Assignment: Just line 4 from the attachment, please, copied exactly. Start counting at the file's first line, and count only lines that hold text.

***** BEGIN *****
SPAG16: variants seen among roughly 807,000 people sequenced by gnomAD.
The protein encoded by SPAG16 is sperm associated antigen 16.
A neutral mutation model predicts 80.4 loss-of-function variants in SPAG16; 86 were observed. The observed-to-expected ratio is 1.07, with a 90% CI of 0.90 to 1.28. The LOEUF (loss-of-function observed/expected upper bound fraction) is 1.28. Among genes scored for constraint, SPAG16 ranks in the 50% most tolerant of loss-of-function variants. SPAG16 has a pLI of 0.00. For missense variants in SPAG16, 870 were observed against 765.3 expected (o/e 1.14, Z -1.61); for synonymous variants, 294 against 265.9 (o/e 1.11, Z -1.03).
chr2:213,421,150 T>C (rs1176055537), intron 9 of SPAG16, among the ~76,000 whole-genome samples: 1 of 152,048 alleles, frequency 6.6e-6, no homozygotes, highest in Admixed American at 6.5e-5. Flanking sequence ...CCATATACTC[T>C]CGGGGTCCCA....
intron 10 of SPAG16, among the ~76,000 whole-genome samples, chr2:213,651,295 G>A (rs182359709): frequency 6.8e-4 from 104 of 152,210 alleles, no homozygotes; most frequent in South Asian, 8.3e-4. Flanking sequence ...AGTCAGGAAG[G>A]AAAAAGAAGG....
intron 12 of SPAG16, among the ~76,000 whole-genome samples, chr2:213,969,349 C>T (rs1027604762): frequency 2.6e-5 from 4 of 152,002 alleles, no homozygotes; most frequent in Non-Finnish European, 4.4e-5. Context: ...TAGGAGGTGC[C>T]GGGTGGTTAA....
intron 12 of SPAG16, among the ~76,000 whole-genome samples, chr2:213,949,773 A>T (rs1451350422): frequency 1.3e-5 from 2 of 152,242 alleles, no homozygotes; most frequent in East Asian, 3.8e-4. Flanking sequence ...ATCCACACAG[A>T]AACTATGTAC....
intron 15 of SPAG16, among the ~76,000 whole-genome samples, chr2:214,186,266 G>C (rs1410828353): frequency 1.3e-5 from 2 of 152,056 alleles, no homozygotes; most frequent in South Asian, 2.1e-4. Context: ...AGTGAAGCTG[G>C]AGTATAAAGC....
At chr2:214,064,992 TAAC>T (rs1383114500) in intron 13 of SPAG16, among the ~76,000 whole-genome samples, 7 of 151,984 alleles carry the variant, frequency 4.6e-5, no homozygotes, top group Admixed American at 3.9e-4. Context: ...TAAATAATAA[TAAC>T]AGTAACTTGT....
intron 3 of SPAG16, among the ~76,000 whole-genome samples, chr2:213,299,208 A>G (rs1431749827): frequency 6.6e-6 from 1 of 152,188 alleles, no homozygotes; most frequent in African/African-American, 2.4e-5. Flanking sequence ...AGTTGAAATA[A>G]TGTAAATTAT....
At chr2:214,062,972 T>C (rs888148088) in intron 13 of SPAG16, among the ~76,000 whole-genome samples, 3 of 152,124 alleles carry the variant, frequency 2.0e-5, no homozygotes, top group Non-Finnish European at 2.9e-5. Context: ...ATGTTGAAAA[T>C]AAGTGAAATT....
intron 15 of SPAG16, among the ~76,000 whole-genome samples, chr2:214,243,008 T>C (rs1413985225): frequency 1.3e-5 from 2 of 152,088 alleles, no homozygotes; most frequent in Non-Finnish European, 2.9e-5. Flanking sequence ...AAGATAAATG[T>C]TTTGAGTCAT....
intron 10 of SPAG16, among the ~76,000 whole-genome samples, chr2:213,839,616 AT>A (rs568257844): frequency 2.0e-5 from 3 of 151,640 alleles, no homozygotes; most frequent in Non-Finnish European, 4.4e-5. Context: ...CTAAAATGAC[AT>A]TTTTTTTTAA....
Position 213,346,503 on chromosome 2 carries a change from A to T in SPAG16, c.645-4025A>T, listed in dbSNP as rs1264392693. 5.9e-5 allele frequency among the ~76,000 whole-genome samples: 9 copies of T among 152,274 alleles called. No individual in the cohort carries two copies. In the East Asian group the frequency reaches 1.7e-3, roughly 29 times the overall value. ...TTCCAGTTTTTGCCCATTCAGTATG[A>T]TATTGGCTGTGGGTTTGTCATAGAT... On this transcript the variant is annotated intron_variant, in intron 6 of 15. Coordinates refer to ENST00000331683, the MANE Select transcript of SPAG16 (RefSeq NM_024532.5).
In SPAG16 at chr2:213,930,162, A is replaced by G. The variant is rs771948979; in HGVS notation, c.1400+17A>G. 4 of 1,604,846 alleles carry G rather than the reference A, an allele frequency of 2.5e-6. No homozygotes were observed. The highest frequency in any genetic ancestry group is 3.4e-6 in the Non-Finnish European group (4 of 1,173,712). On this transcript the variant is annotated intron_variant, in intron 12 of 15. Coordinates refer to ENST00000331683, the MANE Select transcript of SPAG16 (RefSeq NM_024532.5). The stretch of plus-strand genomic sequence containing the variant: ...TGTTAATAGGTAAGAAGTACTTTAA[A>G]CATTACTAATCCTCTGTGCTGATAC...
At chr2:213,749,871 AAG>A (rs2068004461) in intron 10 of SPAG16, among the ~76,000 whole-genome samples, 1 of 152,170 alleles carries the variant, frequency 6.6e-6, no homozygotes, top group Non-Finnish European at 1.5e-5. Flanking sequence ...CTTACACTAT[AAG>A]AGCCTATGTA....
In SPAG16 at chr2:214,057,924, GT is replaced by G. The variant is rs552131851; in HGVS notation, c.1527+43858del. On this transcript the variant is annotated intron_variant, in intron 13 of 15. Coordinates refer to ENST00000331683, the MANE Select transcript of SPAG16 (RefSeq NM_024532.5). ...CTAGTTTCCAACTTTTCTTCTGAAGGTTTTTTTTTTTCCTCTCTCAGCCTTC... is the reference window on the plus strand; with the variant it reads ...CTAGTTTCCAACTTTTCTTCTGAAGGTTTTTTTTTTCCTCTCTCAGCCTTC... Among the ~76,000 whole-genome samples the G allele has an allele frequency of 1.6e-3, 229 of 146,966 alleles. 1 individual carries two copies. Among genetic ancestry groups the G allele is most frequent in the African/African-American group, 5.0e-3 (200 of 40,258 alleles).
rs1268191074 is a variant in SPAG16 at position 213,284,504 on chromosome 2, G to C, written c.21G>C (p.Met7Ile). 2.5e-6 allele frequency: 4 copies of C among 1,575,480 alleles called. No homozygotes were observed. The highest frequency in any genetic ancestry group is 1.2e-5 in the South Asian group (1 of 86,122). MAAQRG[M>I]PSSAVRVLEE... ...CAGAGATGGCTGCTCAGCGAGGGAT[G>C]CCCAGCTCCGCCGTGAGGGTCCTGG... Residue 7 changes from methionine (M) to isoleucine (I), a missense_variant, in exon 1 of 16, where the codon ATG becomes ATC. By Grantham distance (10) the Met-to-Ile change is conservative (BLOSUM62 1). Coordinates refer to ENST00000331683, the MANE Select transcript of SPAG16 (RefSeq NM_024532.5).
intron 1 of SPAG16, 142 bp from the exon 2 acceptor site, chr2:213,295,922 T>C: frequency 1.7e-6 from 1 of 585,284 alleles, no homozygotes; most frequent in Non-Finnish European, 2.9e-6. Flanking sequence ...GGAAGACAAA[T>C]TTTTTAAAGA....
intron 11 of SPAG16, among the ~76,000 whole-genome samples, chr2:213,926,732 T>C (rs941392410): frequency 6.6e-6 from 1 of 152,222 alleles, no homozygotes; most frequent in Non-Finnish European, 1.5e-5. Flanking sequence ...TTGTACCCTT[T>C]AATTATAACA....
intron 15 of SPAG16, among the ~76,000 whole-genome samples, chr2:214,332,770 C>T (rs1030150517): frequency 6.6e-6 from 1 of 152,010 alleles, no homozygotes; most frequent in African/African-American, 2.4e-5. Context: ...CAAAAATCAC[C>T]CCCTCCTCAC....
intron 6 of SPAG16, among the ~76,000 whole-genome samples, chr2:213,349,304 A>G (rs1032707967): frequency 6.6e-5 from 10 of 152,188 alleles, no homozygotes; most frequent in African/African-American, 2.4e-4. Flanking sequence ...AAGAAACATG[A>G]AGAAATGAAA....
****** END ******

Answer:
chr2:213,421,150 T>C (rs1176055537), intron 9 of SPAG16, among the ~76,000 whole-genome samples: 1 of 152,048 alleles, frequency 6.6e-6, no homozygotes, highest in Admixed American at 6.5e-5. Flanking sequence ...CCATATACTC[T>C]CGGGGTCCCA....